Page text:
Sharp increase in oil prices casts a shadow over Vietjet Air, Vietnam Airlines and Bamboo Airways

By Tran Dung - May 11, 2018 | 07:59 AM GMT+7

TheLEADERThe majority of airlines operating expenses are fuel costs, which has increased 41 percent since the beginning of the year and it is predicted to continue increasing in the near future.

World oil prices have increased sharply following the announcement of President Donald Trump about the possible exit from a nuclear deal with Iran. Fears of an embargo affecting the supply have pushed oil prices up to $71 per barrel, the highest level since 2015.

Transportation companies, which usually have a high proportion of fuel costs on operating expenses, are immediately impacted by the peak oil prices. For instance, taxi companies such as Vinasun, Mai Linh or airlines like Vietnam Airlines, Vietjet Air.

For Vietnam aviation industry, the gasoline price of Jet A1 used for all flights has increased 41.3 percent since the beginning of the year, reaching $85 per barrel in April.

Not only Vietjet Air but also Vietnam Airlines considers fuel prices as the top challenge for their operation in 2018. 

Vietnam Airlines estimates that fuel prices are expected to rise sharply and remain at a high price of $75 to $80 per barrel, an increase of 15 per cent to 20 per cent since 2017. Nevertheless, in reality, oil prices have escalated to $85 per barrel just after the first four months of the year.

The rapid increase in fuel costs has affected the anticipated profit of Vietnam Airlines. The airline estimated that its revenue would reach $3.1 billion in 2018, increasing approximately 9.4 percent.

However, the profit before tax of the airline only increased by $2 million, an increment of 2.5 percent.

The slow growth rate of profit comparing to its revenue partly reflected the impact of oil prices on Vietnam Airlines.

Bamboo Airways, a FLC Group-owned airline awaiting for permission, is also impacted by the rising fuel prices. 

Bamboo Airways has been dealing with many issues since its launch including failing to receive a license after nearly a year of filing, hiring planes to make timely takeoff and dealing with high fuel costs.

In order to deal with the swing of oil prices, airlines are adopting more price control methods. Particularly, Vietnam Airlines mentioned that the company will implement phase 2 of fuel-saving program and optimize routes and modes of flight.

Other airlines choose the option of buying hedging contract to control the risk of prices change. Hedging contract offers the purchaser with the certainty of fixed price for the commodity and secures a guaranteed sale price for the seller.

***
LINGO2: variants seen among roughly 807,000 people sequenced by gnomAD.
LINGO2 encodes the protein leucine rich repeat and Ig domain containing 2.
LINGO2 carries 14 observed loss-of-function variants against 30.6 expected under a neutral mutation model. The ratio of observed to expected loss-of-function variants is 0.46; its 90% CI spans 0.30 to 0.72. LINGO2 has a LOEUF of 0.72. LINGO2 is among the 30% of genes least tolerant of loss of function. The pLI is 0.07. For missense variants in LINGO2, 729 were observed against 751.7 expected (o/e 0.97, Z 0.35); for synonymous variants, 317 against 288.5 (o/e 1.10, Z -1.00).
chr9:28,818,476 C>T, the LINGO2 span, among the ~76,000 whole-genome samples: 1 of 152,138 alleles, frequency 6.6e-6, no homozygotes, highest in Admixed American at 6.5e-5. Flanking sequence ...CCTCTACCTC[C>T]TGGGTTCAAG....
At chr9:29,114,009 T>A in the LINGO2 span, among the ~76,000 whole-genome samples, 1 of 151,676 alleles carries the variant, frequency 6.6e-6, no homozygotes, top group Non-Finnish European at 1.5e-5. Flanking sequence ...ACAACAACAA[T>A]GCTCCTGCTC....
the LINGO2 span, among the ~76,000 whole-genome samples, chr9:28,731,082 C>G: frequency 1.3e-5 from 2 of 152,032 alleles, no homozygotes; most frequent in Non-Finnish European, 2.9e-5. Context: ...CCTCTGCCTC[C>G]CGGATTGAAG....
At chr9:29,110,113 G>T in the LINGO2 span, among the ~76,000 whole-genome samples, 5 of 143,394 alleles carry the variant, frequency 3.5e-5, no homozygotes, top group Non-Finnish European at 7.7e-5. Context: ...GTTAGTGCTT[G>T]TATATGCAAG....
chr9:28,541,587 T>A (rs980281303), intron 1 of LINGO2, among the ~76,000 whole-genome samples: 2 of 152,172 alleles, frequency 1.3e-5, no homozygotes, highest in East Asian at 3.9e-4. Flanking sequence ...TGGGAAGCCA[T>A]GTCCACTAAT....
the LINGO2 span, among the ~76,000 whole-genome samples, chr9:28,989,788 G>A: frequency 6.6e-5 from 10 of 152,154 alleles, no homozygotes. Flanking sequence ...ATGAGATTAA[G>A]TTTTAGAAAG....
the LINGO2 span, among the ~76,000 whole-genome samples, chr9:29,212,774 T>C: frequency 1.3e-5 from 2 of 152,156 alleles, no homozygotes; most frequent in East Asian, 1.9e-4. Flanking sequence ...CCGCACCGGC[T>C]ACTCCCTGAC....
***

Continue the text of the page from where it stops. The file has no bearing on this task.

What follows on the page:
According to Vietjet Air, they have been using hedging contract since March when the crude oil prices reached $65 per barrel.

In theory, hedging contract is like an insurance helping the airlines to be less affected by the fluctuation of oil prices in the future. Nevertheless, it could become a double-edged sword to businesses if fuel demand is not anticipated correctly.

Jetstar Pacific Airlines is a prime example of the failing implementation of hedging contracts. According to the local media, in 2009, the airline lost $31 million when reserving gasoline in the period of very high oil prices.

ACBS Securities Company assumed that Vietjet Air will still be able to sufficiently manage its fuel cost in current situation.

Particularly, ACBS estimated that the gross profit margin of Vietjet Air will reduce only by 0.2 points coming to 15.3 percent because the increased cost will be compensated by the high profit margin from auxiliary activities. Besides, Vietjet Air can also transfer part of the extra cost into the ticket fair.

Even with several options given, if oil prices keep increasing, airlines profits will continue to be lessened, even resulting in losses.

According to statistics of the International Air Transport Association (IATA), when oil prices reached a peak of nearly $150 per barrel in 2008, the gasoline prices also increased significantly leading to the losses of many airlines.

Ho Chi Minh City Securities Corporation (HSC) believed that in the medium term, the prospects for oil prices will continue to increase.

The threat of Iran's embargo, the Venezuelan crisis together with the commitment to cut output from both oil and non-OPEC oil exporters could push the world into an oil shortage of 1 to 1.2 million barrels per day in the third quarter.